It was 1989, when John Sanford, an aerial fire boss, was attacking a fire by helicopter near Lac La Biche, about 130 kilometers east of Edmonton.
The chopper went down, crashing in the remote area, leaving Sanford with crushed bones throughout one side of his body.
He was also left with the trauma that comes with such accidents and remains on disability.
Now unemployed and living in Ted Kuhn Towers at 102 Avenue and Old Yale Road and has a much more immediate fire to put out.
The bloodsucking parasites have infested the building for more than three years.
They come out at night, and feast on Sanford’s body. The B.C. Housing complex for low-income people is crawling with the bugs.
B.C. Housing has sprayed multiple times, but the parasites keep coming back.
Officials with B.C. Housing say that to rid the building of bedbugs, the spraying has to be executed throughout the tower. Some residents aren’t preparing their rooms properly, and spraying is incomplete.
The bugs just come back.
So at night, Sanford and the rest of the residents at Ted Kuhn crawl into bed knowing they will be feasted upon by the bugs.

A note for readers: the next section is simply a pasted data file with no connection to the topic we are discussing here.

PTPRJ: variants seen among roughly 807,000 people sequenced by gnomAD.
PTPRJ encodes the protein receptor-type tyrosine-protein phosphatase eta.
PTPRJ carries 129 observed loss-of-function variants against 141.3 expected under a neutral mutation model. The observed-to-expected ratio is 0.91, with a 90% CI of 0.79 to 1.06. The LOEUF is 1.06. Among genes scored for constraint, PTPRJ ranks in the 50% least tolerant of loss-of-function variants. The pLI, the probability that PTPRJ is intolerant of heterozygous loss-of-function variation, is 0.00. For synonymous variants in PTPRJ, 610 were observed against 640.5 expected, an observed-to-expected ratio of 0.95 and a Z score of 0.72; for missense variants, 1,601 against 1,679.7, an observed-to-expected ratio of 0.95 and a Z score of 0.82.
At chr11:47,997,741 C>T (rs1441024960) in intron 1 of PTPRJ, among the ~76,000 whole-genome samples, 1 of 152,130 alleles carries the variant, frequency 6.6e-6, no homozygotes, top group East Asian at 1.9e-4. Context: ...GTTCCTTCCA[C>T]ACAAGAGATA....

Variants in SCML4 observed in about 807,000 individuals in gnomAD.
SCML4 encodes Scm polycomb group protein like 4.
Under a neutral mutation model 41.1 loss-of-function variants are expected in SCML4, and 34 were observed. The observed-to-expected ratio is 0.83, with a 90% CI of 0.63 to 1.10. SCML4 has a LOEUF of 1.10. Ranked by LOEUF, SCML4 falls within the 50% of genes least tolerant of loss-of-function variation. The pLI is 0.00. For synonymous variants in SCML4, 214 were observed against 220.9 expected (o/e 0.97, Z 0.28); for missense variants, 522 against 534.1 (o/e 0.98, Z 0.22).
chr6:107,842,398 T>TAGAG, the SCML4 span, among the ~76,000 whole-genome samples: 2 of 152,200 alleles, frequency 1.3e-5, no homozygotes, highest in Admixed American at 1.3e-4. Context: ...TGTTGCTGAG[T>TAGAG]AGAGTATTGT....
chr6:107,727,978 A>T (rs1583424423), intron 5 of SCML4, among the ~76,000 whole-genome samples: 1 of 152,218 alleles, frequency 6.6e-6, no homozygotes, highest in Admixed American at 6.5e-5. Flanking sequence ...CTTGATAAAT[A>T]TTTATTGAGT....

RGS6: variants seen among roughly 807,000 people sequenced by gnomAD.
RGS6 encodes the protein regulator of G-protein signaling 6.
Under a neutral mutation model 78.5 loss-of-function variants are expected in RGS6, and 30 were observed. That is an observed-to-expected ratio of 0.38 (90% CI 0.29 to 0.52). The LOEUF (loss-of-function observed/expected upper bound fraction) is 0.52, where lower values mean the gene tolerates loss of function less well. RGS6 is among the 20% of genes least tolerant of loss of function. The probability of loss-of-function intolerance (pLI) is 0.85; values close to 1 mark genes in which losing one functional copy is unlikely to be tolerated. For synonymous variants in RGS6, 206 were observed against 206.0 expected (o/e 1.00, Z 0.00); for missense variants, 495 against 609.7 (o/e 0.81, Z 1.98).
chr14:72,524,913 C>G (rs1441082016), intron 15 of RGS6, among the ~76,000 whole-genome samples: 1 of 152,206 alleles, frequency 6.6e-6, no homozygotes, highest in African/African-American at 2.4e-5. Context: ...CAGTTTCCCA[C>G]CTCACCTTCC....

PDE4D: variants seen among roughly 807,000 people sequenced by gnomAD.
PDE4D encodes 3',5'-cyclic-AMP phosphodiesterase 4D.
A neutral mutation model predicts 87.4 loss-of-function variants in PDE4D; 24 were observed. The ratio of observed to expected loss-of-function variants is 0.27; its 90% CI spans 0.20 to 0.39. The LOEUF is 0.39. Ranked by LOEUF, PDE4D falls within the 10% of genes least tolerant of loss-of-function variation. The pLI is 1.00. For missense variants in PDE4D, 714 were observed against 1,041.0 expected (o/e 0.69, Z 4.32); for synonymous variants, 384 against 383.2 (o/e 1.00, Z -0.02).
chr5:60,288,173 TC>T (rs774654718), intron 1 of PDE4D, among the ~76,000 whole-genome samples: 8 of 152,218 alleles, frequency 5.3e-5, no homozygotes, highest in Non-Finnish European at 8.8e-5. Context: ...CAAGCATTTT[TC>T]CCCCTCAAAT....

The red welts on their bodies in the morning serve as proof.
Sanford said part of the problem is Surrey doesn’t have a Standards of Maintenance Bylaw similar to the ones in other Lower Mainland cities.
Mayor Dianne Watts said the city is working to develop such a bylaw.
“We’re looking at what other communities are doing, and our Social Planning Committee has undertaken that task,” Watts said.
First and foremost, she said, the tenants need to be looked after.
“But we want to make sure B.C. Housing doesn’t shirk their duties and not be responsible for their properties either,” Watts said. “It’s totally unacceptable, and it should be rectified immediately.”
Whatever pressure the city can apply, it will, she said.
Calls to B.C. Housing were referred to the housing ministry, which responded by email that it is doing whatever it can to rectify the problem.
“The appearance of bedbugs is becoming more common in private and public sector housing developments across North America, and we have developed a thorough and rigorous bedbug eradication program to address the issue,” the ministry spokesperson said in the email response. “We urge all tenants to follow the instructions and directions they are given so the problem can be eliminated. However like any landlord we cannot force tenants to comply with directions that will help prevent further recurrences of the problem.”
So, while the tenants point to the city and the city directs blame at B.C. Housing, which says the tenants are responsible, Sanford readies himself for another night being ravaged by parasites.